As education evolves and starts to embrace rapid developments in technology, we’re starting to see new teaching methods being introduced to the classroom that take advantage of this digital revolution.
One form of digital communication being increasingly exploited for learning purposes is blogging. It’s a platform that has been widely used by individuals and businesses for a long time now, and its educational potential is increasingly being acknowledged.
If you’re thinking of setting up a blog for your class, here’s your guide to getting started.
What do I mean by “classroom blog”?
There are several possible ways of utilizing the power of blogging in a classroom context. These are the main ones:
- Teacher communications – using a blog to communicate school or class news with students and their parents.
- Teacher blogging about their subject – to encourage debate among students (perhaps even encouraging students to engage actively with the content by leaving comments with their opinions).
- Student blogging – either a shared blog to which each student can contribute under their own user profile, or each student has their own blog for sharing their thoughts about a particular subject or subjects.
Which will best suit the needs of your classroom?
Benefits of blogging in education
Before getting into the nitty gritty of how to set up a blog, let’s take a quick look at some of the advantages of blogging in an educational setting.
Blogging allows students to express their opinion
Blogging helps students articulate their views and build a readership, which can be a very motivating experience for them. Sharing ideas on the internet can also put them in touch with like-minded individuals and with those who may challenge their ideas, which means that they may be required to defend their opinions (which is valuable preparation for the academic rigour of university).
It’s great experience for future university and job applications
Blogging demonstrates enthusiasm for the subject, and a willingness to share ideas with others, as well as developing enthusiasm for communicating ideas in a way that will prove useful beyond the classroom. It also teaches students about the importance of ‘responsible journalism’ such as backing up ideas with concrete evidence, citing research and so on.
Blogging about a subject is more engaging than simply reading a textbook
If students are to write about a subject on a public platform like a blog, they need to be completely familiar with the subject and comfortable expressing an opinion about it. This encourages a deeper understanding and greater engagement with the subject. Unlike when they write an essay that only the teacher will read, blogging gives their work an indefinite life beyond the classroom and invites others to engage with it.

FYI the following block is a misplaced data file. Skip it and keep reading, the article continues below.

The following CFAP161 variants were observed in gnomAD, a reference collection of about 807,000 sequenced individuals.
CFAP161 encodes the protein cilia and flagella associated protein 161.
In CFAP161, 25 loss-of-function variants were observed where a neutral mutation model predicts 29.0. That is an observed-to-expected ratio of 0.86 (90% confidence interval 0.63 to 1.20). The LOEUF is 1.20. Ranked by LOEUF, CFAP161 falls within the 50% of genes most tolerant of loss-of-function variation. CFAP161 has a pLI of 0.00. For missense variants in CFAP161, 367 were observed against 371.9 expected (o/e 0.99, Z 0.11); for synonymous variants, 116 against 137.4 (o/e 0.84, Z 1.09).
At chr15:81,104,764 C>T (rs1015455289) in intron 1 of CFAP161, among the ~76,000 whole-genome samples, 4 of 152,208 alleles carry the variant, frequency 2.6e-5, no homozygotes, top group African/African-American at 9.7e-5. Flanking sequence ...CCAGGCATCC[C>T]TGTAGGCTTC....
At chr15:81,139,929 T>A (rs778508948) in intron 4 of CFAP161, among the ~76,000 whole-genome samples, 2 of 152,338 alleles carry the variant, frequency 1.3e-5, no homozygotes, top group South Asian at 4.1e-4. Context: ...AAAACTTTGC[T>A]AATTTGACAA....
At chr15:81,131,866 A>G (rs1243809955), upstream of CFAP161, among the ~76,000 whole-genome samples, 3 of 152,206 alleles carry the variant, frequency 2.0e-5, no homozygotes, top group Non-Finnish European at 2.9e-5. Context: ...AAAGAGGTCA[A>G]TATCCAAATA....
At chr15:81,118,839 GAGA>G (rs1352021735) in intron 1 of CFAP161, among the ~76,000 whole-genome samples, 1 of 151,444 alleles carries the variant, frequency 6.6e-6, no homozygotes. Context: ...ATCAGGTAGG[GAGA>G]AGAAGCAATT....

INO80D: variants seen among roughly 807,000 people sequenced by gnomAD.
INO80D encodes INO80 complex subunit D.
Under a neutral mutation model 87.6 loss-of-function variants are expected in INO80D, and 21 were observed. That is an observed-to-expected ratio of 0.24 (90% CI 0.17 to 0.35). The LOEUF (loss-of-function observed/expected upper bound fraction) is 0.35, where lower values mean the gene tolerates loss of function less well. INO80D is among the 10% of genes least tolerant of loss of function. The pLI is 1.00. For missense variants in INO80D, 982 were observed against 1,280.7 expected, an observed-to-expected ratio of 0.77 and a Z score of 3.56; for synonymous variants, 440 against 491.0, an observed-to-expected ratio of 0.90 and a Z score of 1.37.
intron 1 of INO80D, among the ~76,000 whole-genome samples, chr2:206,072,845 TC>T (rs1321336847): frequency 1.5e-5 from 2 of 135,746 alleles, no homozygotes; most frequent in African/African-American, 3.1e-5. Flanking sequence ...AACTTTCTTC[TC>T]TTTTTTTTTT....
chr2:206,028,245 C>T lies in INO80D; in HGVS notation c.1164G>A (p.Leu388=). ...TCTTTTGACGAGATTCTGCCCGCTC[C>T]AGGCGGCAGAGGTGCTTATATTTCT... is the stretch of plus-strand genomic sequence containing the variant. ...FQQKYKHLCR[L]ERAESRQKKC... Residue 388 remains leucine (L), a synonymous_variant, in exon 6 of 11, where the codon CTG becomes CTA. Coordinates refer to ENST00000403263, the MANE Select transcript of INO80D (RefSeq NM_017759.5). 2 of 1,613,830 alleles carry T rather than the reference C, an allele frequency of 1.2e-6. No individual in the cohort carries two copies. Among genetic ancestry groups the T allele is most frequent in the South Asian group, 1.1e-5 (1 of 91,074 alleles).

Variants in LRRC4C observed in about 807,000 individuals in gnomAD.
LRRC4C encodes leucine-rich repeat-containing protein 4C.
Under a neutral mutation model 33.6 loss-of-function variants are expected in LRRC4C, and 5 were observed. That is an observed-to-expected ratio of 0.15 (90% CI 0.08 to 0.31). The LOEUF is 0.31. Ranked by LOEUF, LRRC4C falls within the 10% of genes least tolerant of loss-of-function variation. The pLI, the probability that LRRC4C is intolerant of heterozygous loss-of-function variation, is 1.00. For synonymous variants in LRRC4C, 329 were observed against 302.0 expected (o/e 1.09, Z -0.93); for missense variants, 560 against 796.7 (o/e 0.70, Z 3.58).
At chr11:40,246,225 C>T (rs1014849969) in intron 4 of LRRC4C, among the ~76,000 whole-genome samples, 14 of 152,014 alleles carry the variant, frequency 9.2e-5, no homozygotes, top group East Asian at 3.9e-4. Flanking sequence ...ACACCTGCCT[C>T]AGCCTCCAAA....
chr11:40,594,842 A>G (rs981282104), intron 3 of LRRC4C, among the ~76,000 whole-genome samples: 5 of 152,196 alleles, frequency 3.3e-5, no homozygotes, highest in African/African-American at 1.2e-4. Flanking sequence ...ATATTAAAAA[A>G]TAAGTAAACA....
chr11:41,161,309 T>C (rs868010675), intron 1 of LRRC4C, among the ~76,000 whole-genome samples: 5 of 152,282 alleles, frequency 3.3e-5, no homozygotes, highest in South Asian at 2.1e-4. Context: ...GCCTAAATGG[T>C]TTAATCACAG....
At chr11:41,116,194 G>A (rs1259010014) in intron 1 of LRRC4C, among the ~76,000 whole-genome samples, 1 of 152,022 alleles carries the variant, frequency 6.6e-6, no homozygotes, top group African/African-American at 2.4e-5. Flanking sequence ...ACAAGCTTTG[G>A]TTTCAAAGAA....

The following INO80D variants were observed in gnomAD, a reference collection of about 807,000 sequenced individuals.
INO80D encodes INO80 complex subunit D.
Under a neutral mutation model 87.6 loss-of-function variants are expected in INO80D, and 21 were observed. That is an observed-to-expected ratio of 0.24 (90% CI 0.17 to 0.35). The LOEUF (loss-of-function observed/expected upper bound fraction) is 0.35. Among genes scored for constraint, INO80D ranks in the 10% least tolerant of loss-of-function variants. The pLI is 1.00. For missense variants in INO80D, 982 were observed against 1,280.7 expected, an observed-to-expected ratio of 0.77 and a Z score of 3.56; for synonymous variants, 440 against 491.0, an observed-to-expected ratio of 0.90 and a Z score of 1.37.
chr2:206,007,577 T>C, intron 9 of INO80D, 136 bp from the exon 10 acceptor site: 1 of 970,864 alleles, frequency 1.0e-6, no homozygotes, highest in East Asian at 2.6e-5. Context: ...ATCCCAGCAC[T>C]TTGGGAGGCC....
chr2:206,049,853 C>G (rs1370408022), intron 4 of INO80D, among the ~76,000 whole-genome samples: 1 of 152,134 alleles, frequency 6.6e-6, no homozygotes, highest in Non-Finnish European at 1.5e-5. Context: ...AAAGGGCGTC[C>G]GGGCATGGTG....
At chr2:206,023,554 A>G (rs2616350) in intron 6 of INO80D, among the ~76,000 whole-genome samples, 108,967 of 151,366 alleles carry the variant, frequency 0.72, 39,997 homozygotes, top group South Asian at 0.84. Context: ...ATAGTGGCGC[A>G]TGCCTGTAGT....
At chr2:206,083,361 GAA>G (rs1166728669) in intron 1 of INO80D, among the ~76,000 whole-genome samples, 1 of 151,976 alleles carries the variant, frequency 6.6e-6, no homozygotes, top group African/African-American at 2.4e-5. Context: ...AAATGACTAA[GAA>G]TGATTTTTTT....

Starting a classroom blog
So, you’ve decided that your class would benefit from blogging. But how do you go about setting one up? The good news is that it’s never been quicker or easier to get blogging, and thanks to the plethora of different blogging platforms out there, you need virtually no technical knowledge to do it.
Using a personal blogging site
There are numerous free blogging options that can easily be used by schools. They are usually free because they place small adverts at the bottom of your posts; if you want to get rid of these, there’s usually an option to pay to upgrade to ad free. Some of the best free blogging platforms (which are free unless stated otherwise) include:
These platforms, and others like them, guide you through the process of setting up a blog in a user-friendly way, making the whole thing straightforward and stress-free.
Educational blogging services
These sites are similar to those above, but are tailored specifically towards the education sector.
Self-hosting (more advanced)
There are other blogging platforms – one of the most popular being WordPress.org – that involve ‘self-hosting’ – and if you don’t know what that is, it’s probably not the best option for you. Self-hosting gives you greater flexibility over the content of the blog, but it’s much more technical and not recommended unless you’re very comfortable with finding your way around the back end of a website (or you don’t mind sending every single post and edit to your IT department to take care of for you!). If you’re an IT class learning about technical things such as coding, this might be a good educational experience in itself, but with so many much easier options, it isn’t going to be the ideal choice for most.